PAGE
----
Oil price highs set Saudi Arabia up for years of economic rebound, S&P says

Oil price highs set Saudi Arabia up for years of economic rebound, S&P says
Saudi Arabia is expected to rebound financially from the Covid-19 pandemic, with an average growth rate of 2.4 percent from 2021 to 2024.
2 min read
29 September, 2021
Saudi Arabia's oil production is forecast to rise from around nine million barrels per day in 2021 to around 10 million in 2023 [Getty]

Saudi Arabia's economy, the biggest in the Arab world, is set to grow in 2021 and over the next three years, said financial services company S&P Global Ratings. 

The Gulf state's average growth rate is expected to be 2.4 percent from 2021 to 2024, sustained by rising oil prices, the relaxing of oil pumping restrictions, and mass vaccination programmes. 

Saudi Arabia was hard hit by the Covid-19 pandemic and record-low oil prices in 2020, recording a 4.1 percent contraction in its economy - the worst dip since 1987.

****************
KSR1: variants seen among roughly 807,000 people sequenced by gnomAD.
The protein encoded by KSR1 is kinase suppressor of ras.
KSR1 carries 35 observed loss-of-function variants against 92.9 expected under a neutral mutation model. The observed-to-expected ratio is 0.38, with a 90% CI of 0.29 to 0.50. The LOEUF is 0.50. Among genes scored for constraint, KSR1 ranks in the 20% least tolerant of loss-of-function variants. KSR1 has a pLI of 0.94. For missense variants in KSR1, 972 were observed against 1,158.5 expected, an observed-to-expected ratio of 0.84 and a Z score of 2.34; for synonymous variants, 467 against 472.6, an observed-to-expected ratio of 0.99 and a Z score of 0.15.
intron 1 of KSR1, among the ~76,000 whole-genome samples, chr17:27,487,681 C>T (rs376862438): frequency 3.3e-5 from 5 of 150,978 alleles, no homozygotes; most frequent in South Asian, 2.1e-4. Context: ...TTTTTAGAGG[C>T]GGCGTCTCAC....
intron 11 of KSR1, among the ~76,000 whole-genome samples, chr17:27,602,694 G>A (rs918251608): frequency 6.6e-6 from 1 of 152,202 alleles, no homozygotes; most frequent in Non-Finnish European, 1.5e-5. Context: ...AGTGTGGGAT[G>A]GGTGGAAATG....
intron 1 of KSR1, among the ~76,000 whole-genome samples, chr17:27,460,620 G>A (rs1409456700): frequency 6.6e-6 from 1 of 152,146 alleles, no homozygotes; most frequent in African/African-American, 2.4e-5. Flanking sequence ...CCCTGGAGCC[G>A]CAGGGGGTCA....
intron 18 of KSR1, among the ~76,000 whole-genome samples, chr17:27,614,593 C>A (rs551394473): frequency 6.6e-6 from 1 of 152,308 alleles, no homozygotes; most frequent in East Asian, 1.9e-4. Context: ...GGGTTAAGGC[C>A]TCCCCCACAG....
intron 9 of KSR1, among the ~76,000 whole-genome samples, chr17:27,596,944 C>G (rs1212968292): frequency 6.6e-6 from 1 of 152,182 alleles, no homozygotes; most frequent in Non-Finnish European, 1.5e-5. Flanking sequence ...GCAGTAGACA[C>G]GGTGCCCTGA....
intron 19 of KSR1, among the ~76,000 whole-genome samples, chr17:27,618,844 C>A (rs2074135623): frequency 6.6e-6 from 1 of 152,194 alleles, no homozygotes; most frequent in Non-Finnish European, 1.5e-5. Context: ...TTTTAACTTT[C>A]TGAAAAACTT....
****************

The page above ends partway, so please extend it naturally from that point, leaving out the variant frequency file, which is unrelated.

"In 2021, the country's economy has begun to rebound, as the global economy emerges from the pandemic and oil prices have improved," said the S&P Global Ratings report. 

Oil prices reached a three-year high on Tuesday, climbing to over $80 (£56) a barrel. 

Around 50 percent of Saudi Arabia’s gross domestic product relies on oil and gas, and the country is a major player in the 23-member alliance, the Organisation of the Petroleum Exploring Countries (OPEC). 

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In July 2021, OPEC and allied nations agreed to raise production limits imposed on five countries, including Saudi Arabia, and boost their production by two million barrels per day by the end of the year. 

With restrictions being eased, Saudi Arabia is forecast to pump on average nine million barrels per day for the rest of this year, 9.7 million in 2022, and more than 10 million by 2023, said the S&P Global Ratings. 

This still leaves two million barrels per day spare out of Saudi Arabia's total 12 million capacity, which "give it power, particularly as the leader of OPEC", said S&P.  

Despite calls for investment in renewable energy ahead of the Glasgow climate change summit COP26, crude oil is expected to remain a leading source of energy for decades, OPEC says.